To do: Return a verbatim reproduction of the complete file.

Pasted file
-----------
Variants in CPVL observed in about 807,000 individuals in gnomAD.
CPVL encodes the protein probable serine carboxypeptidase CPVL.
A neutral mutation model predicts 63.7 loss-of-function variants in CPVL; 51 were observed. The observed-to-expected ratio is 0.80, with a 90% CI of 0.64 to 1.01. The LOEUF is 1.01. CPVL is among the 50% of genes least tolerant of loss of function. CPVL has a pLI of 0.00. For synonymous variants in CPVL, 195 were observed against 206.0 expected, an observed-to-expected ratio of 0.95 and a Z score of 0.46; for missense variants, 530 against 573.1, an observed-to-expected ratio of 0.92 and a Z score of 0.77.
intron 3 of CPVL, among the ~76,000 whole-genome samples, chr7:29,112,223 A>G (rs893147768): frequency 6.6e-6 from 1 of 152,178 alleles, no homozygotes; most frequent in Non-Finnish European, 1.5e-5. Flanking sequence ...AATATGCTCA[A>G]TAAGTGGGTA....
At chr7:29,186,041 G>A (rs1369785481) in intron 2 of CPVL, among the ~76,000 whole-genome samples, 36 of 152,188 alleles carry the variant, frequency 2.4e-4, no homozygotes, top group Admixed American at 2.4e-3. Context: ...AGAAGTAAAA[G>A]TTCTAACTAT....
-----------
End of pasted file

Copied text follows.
Variants in CPVL observed in about 807,000 individuals in gnomAD.
CPVL encodes the protein probable serine carboxypeptidase CPVL.
A neutral mutation model predicts 63.7 loss-of-function variants in CPVL; 51 were observed. The observed-to-expected ratio is 0.80, with a 90% CI of 0.64 to 1.01. The LOEUF is 1.01. CPVL is among the 50% of genes least tolerant of loss of function. CPVL has a pLI of 0.00. For synonymous variants in CPVL, 195 were observed against 206.0 expected, an observed-to-expected ratio of 0.95 and a Z score of 0.46; for missense variants, 530 against 573.1, an observed-to-expected ratio of 0.92 and a Z score of 0.77.
intron 3 of CPVL, among the ~76,000 whole-genome samples, chr7:29,112,223 A>G (rs893147768): frequency 6.6e-6 from 1 of 152,178 alleles, no homozygotes; most frequent in Non-Finnish European, 1.5e-5. Flanking sequence ...AATATGCTCA[A>G]TAAGTGGGTA....
At chr7:29,186,041 G>A (rs1369785481) in intron 2 of CPVL, among the ~76,000 whole-genome samples, 36 of 152,188 alleles carry the variant, frequency 2.4e-4, no homozygotes, top group Admixed American at 2.4e-3. Context: ...AGAAGTAAAA[G>A]TTCTAACTAT....